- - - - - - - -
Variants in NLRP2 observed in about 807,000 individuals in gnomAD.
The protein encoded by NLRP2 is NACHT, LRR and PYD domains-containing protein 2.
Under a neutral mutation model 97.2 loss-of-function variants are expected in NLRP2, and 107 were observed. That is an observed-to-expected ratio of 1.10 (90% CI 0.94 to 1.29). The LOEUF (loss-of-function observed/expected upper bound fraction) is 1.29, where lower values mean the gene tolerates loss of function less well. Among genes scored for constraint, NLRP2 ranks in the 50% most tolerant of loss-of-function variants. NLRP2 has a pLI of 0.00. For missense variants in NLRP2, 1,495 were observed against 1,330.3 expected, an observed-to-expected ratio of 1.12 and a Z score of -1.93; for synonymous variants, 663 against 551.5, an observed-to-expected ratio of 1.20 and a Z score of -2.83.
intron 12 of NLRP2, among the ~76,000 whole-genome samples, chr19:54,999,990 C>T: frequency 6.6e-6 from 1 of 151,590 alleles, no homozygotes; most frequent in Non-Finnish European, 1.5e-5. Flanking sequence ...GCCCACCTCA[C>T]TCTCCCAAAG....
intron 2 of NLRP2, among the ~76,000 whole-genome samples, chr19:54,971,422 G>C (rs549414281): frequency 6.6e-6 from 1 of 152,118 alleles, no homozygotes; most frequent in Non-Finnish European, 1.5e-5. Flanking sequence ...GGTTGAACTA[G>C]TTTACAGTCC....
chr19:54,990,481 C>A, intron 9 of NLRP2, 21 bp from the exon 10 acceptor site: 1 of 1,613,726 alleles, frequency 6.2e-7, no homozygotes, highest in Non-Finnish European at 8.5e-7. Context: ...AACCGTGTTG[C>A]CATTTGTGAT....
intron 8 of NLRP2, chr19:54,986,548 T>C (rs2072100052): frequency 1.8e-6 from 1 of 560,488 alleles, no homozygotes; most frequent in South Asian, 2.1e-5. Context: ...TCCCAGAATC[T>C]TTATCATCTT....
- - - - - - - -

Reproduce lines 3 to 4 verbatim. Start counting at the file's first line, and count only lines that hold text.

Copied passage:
Under a neutral mutation model 97.2 loss-of-function variants are expected in NLRP2, and 107 were observed. That is an observed-to-expected ratio of 1.10 (90% CI 0.94 to 1.29). The LOEUF (loss-of-function observed/expected upper bound fraction) is 1.29, where lower values mean the gene tolerates loss of function less well. Among genes scored for constraint, NLRP2 ranks in the 50% most tolerant of loss-of-function variants. NLRP2 has a pLI of 0.00. For missense variants in NLRP2, 1,495 were observed against 1,330.3 expected, an observed-to-expected ratio of 1.12 and a Z score of -1.93; for synonymous variants, 663 against 551.5, an observed-to-expected ratio of 1.20 and a Z score of -2.83.
intron 12 of NLRP2, among the ~76,000 whole-genome samples, chr19:54,999,990 C>T: frequency 6.6e-6 from 1 of 151,590 alleles, no homozygotes; most frequent in Non-Finnish European, 1.5e-5. Flanking sequence ...GCCCACCTCA[C>T]TCTCCCAAAG....